More masque than mask
This Sunday is the feast of the personae - three of them to be precise. A persona is now typically defined as relating to an aspect of one's character - so you might for example refer to 'Adrian's public persona' as Vicar. However, the roots of persona are in ancient classical theatre. A persona was a mask worn by an actor to make plain the nature of the character being portrayed. Hence the posh name for the cast of a play, dramatis personae, literally meaning 'masks of the drama'. Different personae made obvious to an audience who were the goodies and who were the baddies, who was happy and who was sad - the illustration accompanying this article of two personae will be very familiar to theatre lovers.
When getting his head round the emerging doctrine of God in Christian belief in the 2nd and 3rd centuries, the North African theologian Tertullian (who was a bit of a bruiser) was probably the first to use the words trinitas and personarum when talking about God in this way. He is more nuanced than suggesting this is simply a matter of one God performing three roles, and his theology is not that of the later sophisticated development of Nicæa and Constantinople. But his contribution is essential.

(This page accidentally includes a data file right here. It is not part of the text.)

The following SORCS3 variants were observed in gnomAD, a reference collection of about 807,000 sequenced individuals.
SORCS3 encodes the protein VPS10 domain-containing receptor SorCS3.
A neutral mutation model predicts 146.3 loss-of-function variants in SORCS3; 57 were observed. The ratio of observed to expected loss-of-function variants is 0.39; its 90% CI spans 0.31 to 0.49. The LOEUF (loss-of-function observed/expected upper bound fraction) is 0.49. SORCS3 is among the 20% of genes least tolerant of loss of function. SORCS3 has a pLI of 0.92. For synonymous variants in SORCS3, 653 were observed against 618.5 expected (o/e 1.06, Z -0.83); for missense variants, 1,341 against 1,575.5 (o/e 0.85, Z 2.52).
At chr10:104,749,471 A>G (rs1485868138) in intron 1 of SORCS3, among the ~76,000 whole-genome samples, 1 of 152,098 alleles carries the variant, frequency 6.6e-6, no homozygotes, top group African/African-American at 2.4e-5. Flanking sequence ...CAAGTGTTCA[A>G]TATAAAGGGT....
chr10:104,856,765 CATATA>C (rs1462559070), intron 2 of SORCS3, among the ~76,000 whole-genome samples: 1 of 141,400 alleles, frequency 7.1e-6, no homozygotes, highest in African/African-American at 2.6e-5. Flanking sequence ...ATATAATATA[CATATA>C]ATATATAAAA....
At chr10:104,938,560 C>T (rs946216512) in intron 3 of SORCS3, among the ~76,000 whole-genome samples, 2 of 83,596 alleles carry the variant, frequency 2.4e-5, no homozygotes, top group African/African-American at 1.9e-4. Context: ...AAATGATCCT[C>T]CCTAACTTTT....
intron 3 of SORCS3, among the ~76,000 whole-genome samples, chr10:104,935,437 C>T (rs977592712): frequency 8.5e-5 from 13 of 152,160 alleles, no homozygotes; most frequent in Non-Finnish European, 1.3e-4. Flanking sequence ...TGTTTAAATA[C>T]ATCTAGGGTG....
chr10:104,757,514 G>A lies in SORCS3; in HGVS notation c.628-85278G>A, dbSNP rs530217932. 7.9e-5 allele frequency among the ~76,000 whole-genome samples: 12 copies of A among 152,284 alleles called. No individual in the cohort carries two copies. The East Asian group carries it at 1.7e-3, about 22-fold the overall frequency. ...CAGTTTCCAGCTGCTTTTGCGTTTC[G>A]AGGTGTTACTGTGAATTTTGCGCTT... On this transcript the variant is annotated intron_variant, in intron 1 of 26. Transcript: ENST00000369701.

You and I have personae. We put them on to enable us to get through the day. Under pressure, our masks slip - mine certainly does, as any member of the PCC will quickly affirm.
But God is, not surprisingly, in a different league.
We celebrate that fact on Trinity Sunday. The heart of this doctrine is not about roles being played, but relationships being celebrated. To pick up on Archbishop Justin's language in his sermon last Sunday, the Trinity is not God acting, but dancing. More masque than mask, if you like. And this divine dance calls for your participation: living and working to His praise and glory.
Image: Matisse, Dance 1, Paris, Boulevard des Invalides, early 1909, © 2021 Succession H. Matisse / Artists Rights Society (ARS), MoMA New York